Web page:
Kind asks FDA to restrict nutrient claims to food with health-promoting ingredients
- Kind Healthy Snacks filed a petition to the U.S. Food and Drug Administration pushing the agency to update how it regulates nutrient content claims on food products. The petition was co-signed by 10 public health experts.
- Currently, the regulation examines the quantity of a nutrient in the food and not the quality, which Kind claims "enables food marketers to put these claims on unhealthy products." Kind is urging the FDA to only permit these nutritional claims on products that have a "meaningful amount of at least one health-promoting food," like vegetables, legumes, fruits, whole grains, seeds or nuts.
- "Nutrient content claims, such as 'good source of fiber' or 'excellent source of protein,' are found on the front of food packaging and often abused on empty calorie foods," Kind Founder and CEO Daniel Lubetzky told Food Dive in an email. "After consulting with foremost health and nutrition experts, we decided now was the time to act."
Consumers are increasingly reaching for products with nutritional claims — and companies are hoping to take advantage. But Kind — which is best known for its bars made with ingredients like nuts, grains and dried fruits — wants to restrict who can say their products are good for you.
Kind is arguing that some products like cereals, snacks and frozen foods misuse nutrient content claims and leave out their less healthy aspects. Limiting the use of those claims to companies that use health-promoting ingredient would inevitably benefit Kind's business. Granola sales were down last year as consumers questioned how healthy they were. If Kind is able to secure nutrient claims for its nut-filled bars and limit those terms on other products, Kind's products can better stand out to consumers.
This isn’t the first time that Kind has challenged and petitioned the FDA. In 2015, the FDA sent Kind a warning letter saying its bars shouldn't be labeled "healthy" because they had too much saturated fat — a natural component of the nuts in the bars.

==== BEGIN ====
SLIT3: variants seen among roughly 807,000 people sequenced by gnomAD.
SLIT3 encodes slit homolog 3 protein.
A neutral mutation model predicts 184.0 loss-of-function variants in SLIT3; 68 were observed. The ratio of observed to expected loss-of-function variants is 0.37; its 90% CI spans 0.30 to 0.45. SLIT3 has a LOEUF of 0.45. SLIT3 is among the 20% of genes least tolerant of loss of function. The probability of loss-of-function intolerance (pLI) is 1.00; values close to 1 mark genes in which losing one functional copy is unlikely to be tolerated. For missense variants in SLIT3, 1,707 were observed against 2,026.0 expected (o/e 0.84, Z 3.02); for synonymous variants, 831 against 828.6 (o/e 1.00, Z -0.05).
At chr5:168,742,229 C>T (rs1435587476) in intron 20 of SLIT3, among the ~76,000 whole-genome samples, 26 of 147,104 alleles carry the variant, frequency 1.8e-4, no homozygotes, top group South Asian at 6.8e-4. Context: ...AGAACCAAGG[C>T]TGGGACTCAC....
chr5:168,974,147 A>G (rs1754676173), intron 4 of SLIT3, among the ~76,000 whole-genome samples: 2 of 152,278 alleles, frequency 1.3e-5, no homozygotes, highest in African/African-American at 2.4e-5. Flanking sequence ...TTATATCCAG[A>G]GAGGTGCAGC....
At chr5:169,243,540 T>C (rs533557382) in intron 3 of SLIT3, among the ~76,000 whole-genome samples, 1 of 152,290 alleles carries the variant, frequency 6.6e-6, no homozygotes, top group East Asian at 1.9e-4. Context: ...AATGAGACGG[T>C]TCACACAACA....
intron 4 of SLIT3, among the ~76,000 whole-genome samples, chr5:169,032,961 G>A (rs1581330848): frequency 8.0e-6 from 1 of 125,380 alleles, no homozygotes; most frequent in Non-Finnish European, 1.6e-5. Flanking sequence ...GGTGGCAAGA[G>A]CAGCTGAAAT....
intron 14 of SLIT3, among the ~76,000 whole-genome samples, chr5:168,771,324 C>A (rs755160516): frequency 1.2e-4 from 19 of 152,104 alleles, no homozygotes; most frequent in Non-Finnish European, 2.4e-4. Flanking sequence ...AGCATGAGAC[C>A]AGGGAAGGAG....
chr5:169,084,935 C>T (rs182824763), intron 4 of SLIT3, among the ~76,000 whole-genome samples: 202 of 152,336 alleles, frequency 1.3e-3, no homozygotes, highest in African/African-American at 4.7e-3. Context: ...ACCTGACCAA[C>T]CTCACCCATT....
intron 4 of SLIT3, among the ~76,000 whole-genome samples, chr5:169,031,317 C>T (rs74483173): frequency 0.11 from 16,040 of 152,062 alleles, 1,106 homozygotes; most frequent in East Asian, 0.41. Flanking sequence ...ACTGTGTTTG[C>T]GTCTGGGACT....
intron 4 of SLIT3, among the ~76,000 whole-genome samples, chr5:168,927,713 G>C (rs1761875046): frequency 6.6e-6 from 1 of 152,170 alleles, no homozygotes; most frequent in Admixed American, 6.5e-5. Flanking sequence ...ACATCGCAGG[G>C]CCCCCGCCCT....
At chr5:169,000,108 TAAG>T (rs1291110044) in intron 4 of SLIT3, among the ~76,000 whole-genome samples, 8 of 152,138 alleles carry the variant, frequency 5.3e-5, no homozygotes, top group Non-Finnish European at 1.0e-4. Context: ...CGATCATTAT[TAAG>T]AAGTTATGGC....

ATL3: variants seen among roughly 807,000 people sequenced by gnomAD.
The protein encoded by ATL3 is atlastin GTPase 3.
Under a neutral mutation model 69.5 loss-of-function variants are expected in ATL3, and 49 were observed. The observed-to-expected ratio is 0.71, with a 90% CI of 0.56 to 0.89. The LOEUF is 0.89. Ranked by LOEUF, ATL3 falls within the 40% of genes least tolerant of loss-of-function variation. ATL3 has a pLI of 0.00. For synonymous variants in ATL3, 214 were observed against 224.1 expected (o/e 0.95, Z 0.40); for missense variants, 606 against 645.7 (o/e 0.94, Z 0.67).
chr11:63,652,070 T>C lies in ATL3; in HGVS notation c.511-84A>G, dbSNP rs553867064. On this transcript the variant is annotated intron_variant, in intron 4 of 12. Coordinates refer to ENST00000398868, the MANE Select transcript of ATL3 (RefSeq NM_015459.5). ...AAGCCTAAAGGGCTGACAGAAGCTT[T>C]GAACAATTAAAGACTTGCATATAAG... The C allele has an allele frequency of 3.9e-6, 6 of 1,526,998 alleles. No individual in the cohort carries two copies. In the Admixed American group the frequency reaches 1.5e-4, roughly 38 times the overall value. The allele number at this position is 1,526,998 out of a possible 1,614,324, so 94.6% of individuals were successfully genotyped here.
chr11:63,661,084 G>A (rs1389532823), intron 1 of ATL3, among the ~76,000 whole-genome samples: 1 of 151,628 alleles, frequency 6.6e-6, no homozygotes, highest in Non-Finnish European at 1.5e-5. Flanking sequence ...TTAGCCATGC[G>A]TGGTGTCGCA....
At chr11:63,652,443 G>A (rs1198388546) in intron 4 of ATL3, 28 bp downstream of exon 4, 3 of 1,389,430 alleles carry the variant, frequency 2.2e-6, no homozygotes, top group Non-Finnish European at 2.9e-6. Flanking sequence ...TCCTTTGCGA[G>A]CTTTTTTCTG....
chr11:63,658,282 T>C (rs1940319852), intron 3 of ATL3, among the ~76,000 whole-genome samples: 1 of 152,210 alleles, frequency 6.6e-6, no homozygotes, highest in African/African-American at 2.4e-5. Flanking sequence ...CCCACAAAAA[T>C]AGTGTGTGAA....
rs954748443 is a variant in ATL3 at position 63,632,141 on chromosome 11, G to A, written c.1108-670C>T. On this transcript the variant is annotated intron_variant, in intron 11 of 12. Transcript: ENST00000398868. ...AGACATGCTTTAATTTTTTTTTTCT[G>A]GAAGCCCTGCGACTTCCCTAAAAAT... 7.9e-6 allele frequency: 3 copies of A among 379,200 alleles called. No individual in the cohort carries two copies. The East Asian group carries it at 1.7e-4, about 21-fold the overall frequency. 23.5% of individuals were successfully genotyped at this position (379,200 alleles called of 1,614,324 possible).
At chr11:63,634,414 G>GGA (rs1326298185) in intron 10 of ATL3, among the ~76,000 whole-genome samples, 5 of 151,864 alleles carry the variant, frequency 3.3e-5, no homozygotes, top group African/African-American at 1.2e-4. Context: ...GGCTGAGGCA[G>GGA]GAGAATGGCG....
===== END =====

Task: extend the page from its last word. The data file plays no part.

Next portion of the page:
Kind pushed back with a petition urging FDA to update its regulations around the term, which was largely based on fat content and excluded natural items like nuts. FDA reversed its stance, allowing Kind to use the "healthy" label on its products and announcing FDA would reevaluate its definition of the term.
The agency started the process of updating the definition of "healthy" in 2016, opening a public comment period and holding hearings to get feedback on the definition. Not much progress has been made since then. President Trump's FDA Commissioner Scott Gottlieb said last year that defining the term was a priority. However, last week Gottlieb abruptly announced he would be stepping down from his post, casting uncertainty over the issues that were his priorities.
"After researching the issue and understanding more about the impact these claims have on consumers, we decided to speak up again," Stephanie Csaszar, health and wellness expert and a registered dietitian at Kind, told Food Dive in an email. "We're hopeful that our latest petition will advance FDA's thinking as they gear up to finalize the 'healthy' definition and deliver on their commitment to modernize nutrition claims."
Kind's petition references both the FDA’s 2018 Strategic Policy Roadmap, through which Gottlieb planned to help consumers make more educated dietary decisions, and the 2015-2020 Dietary Guidelines for Americans, which emphasized avoiding sugars above fats. Kind argues that changing the nutrient content claims would be in line with these updates.
Since Kind started its business in 2004, the company has tried to define its snacks with healthy claims. And though most of the company's products are made with less processed and more natural ingredients, Kind is still trying to improve. Most recently, the company launched smaller 100-calorie pack versions of its products.
It might be difficult to get anything done at FDA while the agency is in transition. A new acting commissioner has been named to take over after Gottlieb leaves his post next month, but nobody has been nominated to take the position permanently. However, considering that the first meeting of the committee considering the 2020 updates to the Dietary Guidelines for Americans is later this month, the timing is ideal to encourage members to talk about the issue and perhaps enshrine it in the guidance.
If Kind can gets the FDA on board with this petition, some CPG companies might need to drastically change their labels. But despite the end result, it's likely that Kind will continue pushing the industry to clarify its definitions and rework its nutrient claims.
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